Business Continuity: A Year-Round Responsibility for Contact Centers

Spring is right around the corner, which means businesses in many areas of the country have a new threat to worry about: Unpredictable late winter storms.

A recent Farmer’s Almanac predicted this will be a long winter, with several storms arising late in the season. Late winter storms and blizzards can bring ice, snow and howling winds — and bring unprepared businesses to a communications standstill.

It’s important to remember that business continuity is a year-round responsibility that no organization can ignore. This is especially true in our current ultra-connected business landscape, where just a few minutes of network downtime can have a devastating impact on a company’s bottom line. Businesses must take advanced measures to ensure that they have the infrastructure and support in place to maintain operations throughout a variety of scenarios.

Contact centers are no different. In fact, contact centers are one of the most vulnerable areas for downtime as they are responsible for supporting a range of critical customer-facing functions. When a contact center goes down, a business can lose its phone support as well as email, customer data and more. This can lead to heavy revenue loss, and it can also anger customers and cause them to seek out competitors.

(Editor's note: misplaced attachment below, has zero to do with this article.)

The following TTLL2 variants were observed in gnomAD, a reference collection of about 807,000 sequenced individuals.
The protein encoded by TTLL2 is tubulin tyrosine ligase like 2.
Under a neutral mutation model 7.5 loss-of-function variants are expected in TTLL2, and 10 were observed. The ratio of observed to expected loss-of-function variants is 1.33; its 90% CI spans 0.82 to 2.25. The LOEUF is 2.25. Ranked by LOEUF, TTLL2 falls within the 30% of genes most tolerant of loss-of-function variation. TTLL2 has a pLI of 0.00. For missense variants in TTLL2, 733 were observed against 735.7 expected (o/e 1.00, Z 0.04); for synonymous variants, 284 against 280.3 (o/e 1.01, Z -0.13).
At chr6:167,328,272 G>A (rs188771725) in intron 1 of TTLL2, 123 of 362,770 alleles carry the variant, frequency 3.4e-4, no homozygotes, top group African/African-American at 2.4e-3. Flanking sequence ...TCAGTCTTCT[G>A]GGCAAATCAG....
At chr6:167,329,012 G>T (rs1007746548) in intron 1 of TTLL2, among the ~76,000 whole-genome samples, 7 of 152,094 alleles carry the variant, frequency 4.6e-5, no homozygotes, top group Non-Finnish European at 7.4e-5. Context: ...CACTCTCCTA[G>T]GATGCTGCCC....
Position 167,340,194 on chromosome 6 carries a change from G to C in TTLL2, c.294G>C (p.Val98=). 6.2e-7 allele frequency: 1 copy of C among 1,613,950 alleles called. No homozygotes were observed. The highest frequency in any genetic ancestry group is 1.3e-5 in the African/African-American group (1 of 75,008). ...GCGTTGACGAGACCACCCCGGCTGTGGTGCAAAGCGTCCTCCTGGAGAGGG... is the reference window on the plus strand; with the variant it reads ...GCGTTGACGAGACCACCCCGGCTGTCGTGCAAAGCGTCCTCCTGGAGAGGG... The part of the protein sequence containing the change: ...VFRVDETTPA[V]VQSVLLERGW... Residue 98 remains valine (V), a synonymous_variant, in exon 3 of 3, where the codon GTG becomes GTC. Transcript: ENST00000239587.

For this reason, it’s critical for contact centers to distribute their contact center infrastructure in order to mitigate downtime. Picture a business in Chicago. If a major storm rolls into the area, impacting snow, that business could lose connectivity for an extended period of time. But if the organization is using a contact center in another part of the country, communications would remain unaffected.

When you think of outsourcing, don’t just think of saving money and increasing efficiency. You are also improving your company’s security in the process. Outsourcing your contact center to a third party solutions provider will enable you to transfer all critical processes offsite.

This will also help your IT team, which is most likely working overtime to ensure the operational stability of several departments at once. By outsourcing one department, you will give them more time to devote to higher-level tasks like digital transformation.

Just remember when outsourcing to assess your vendor’s disaster preparedness. You don’t want to rely on an organization that cannot ensure its own business continuity. If possible, arrange an onsite visit and ask to see their facility. Ask questions about things like failover, flood and fire protection for data center infrastructure and of course cybersecurity. Don’t leave anything to chance during this process. Before you sign anything, scour your service level agreement and look at the fine print — and don’t agree unless you are completely comfortable. After all, you will be trusting the vendor to manage a major part of your business.